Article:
Contributors

Agent

Created

Date Created
2016

161823-Thumbnail Image.png

Self-Sensing Polymer Composites for Precursor Damage Detection via Mechanochemistry

Description

While understanding of failure mechanisms for polymeric composites have improved vastly over recent decades, the ability to successfully monitor early failure and subsequent prevention has come of much interest in recent years. One such method to detect these failures involves

While understanding of failure mechanisms for polymeric composites have improved vastly over recent decades, the ability to successfully monitor early failure and subsequent prevention has come of much interest in recent years. One such method to detect these failures involves the use of mechanochemistry, a field of chemistry in which chemical reactions are initiated by deforming highly-strained bonds present in certain moieties. Mechanochemistry is utilized in polymeric composites as a means of stress-sensing, utilizing weak and force-responsive chemical bonds to activate signals when embedded in a composite material. These signals can then be detected to determine the amount of stress applied to a composite and subsequent potential damage that has occurred due to the stress. Among mechanophores, the cinnamoyl moiety is capable of stress response through fluorescent signal under mechanical load. The cinnamoyl group is fluorescent in its initial state and capable of undergoing photocycloaddition in the presence of ultraviolet (UV) light, followed by subsequent reversion when under mechanical load. Signal generation before the yield point of the material provides a form of damage precursor detection.This dissertation explores the implementation of mechanophores in novel approaches to overcome some of the many challenges within the mechanochemistry field. First, new methods of mechanophore detection were developed through utilization of Fourier transform infrared (FTIR) spectroscopy signals and in-situ stress sensing. Developing an in-situ testing method provided a two-fold advantage of higher resolution and more time efficiency over current methods involving image analysis with a fluorescent microscope. Second, bonding mechanophores covalently into the backbone of an epoxy matrix mitigated property loss due to mechanophore incorporation. This approach was accomplished through functionalizing either the resin or hardener component of the matrix. Finally, surface functionalization of fibers was performed and allowed for unaltered fabrication procedures of composite layups as well as provided increased adhesion at the fiber-matrix interphase. The developed materials could enable a simple, non-invasive, and non-detrimental structural health monitoring approach.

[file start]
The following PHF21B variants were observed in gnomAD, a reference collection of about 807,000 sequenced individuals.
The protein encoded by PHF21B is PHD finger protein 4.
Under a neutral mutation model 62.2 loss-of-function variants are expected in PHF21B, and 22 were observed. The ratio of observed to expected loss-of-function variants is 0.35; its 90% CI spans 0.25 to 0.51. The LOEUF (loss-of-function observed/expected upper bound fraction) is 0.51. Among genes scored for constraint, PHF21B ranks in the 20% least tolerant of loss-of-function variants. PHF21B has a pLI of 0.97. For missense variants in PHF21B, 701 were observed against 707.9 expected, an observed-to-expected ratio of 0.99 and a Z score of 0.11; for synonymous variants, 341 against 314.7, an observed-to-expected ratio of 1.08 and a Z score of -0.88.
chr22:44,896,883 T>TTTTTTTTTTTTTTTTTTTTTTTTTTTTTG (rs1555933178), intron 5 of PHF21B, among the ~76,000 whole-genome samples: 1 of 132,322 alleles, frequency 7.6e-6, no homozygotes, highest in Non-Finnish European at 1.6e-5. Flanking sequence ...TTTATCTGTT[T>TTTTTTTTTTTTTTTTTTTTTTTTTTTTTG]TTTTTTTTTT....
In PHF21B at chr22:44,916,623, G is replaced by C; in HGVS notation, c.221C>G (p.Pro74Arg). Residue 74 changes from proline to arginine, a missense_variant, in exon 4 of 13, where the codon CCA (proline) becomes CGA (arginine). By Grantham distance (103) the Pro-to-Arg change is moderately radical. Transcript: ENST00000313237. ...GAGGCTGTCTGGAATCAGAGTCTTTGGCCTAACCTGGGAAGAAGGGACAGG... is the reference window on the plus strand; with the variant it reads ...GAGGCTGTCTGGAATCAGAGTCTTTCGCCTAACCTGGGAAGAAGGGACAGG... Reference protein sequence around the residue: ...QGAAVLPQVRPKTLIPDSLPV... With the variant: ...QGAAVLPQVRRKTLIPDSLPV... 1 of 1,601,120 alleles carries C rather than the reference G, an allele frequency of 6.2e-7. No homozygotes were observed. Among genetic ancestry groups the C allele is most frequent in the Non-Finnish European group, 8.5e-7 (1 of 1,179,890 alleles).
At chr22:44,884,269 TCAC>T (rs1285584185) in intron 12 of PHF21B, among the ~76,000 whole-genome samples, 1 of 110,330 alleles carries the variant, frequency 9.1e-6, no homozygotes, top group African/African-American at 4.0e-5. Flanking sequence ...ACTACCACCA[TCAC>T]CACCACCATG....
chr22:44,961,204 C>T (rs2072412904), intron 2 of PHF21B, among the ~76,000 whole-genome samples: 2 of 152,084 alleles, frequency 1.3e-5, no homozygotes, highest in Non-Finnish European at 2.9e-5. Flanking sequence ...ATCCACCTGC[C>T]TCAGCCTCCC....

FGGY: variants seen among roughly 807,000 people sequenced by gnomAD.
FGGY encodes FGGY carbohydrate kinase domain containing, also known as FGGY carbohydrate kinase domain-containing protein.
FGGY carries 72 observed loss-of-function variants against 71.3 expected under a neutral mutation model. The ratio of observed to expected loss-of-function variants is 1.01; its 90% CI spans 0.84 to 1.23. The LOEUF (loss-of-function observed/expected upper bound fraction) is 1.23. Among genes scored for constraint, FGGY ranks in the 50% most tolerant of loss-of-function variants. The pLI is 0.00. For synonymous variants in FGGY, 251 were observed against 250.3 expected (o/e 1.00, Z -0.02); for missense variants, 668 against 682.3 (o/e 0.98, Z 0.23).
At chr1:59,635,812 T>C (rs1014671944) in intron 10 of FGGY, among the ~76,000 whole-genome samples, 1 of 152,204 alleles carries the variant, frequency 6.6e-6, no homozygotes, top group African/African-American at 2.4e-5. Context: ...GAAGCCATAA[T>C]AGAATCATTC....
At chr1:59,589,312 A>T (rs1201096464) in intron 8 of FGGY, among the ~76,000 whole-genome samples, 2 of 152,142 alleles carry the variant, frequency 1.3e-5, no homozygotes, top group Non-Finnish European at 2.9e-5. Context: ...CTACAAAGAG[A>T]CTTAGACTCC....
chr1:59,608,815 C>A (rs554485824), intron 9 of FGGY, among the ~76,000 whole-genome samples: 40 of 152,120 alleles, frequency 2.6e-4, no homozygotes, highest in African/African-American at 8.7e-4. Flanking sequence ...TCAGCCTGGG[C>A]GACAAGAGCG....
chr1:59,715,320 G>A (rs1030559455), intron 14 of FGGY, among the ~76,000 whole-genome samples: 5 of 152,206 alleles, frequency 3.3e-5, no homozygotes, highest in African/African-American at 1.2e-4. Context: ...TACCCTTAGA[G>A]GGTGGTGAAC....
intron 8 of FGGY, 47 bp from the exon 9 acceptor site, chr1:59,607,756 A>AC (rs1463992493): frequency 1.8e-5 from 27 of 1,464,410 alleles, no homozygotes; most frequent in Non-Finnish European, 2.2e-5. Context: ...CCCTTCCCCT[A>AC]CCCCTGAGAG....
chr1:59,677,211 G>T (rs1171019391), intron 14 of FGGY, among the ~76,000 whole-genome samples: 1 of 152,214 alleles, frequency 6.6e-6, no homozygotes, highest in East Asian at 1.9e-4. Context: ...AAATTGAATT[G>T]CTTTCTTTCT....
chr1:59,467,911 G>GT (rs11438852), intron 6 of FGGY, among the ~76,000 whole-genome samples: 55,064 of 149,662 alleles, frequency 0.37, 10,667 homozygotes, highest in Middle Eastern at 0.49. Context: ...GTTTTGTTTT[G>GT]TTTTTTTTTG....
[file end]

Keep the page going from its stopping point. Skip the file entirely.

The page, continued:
Contributors

Agent

Created

Date Created
2021

156024-Thumbnail Image.png

Corrosion and corrosion-fatigue behavior of 7075 aluminum alloys studied by in situ X-ray tomography

Description

7XXX Aluminum alloys have high strength to weight ratio and low cost. They are used in many critical structural applications including automotive and aerospace components. These applications frequently subject the alloys to static and cyclic loading in service. Additionally, the

7XXX Aluminum alloys have high strength to weight ratio and low cost. They are used in many critical structural applications including automotive and aerospace components. These applications frequently subject the alloys to static and cyclic loading in service. Additionally, the alloys are often subjected to aggressive corrosive environments such as saltwater spray. These chemical and mechanical exposures have been known to cause premature failure in critical applications. Hence, the microstructural behavior of the alloys under combined chemical attack and mechanical loading must be characterized further. Most studies to date have analyzed the microstructure of the 7XXX alloys using two dimensional (2D) techniques. While 2D studies yield valuable insights about the properties of the alloys, they do not provide sufficiently accurate results because the microstructure is three dimensional and hence its response to external stimuli is also three dimensional (3D). Relevant features of the alloys include the grains, subgrains, intermetallic inclusion particles, and intermetallic precipitate particles. The effects of microstructural features on corrosion pitting and corrosion fatigue of aluminum alloys has primarily been studied using 2D techniques such as scanning electron microscopy (SEM) surface analysis along with post-mortem SEM fracture surface analysis to estimate the corrosion pit size and fatigue crack initiation site. These studies often limited the corrosion-fatigue testing to samples in air or specialized solutions, because samples tested in NaCl solution typically have fracture surfaces covered in corrosion product. Recent technological advancements allow observation of the microstructure, corrosion and crack behavior of aluminum alloys in solution in three dimensions over time (4D). In situ synchrotron X-Ray microtomography was used to analyze the corrosion and cracking behavior of the alloy in four dimensions to elucidate crack initiation at corrosion pits for samples of multiple aging conditions and impurity concentrations. Additionally, chemical reactions between the 3.5 wt% NaCl solution and the crack surfaces were quantified by observing the evolution of hydrogen bubbles from the crack. The effects of the impurity particles and age-hardening particles on the corrosion and fatigue properties were examined in 4D.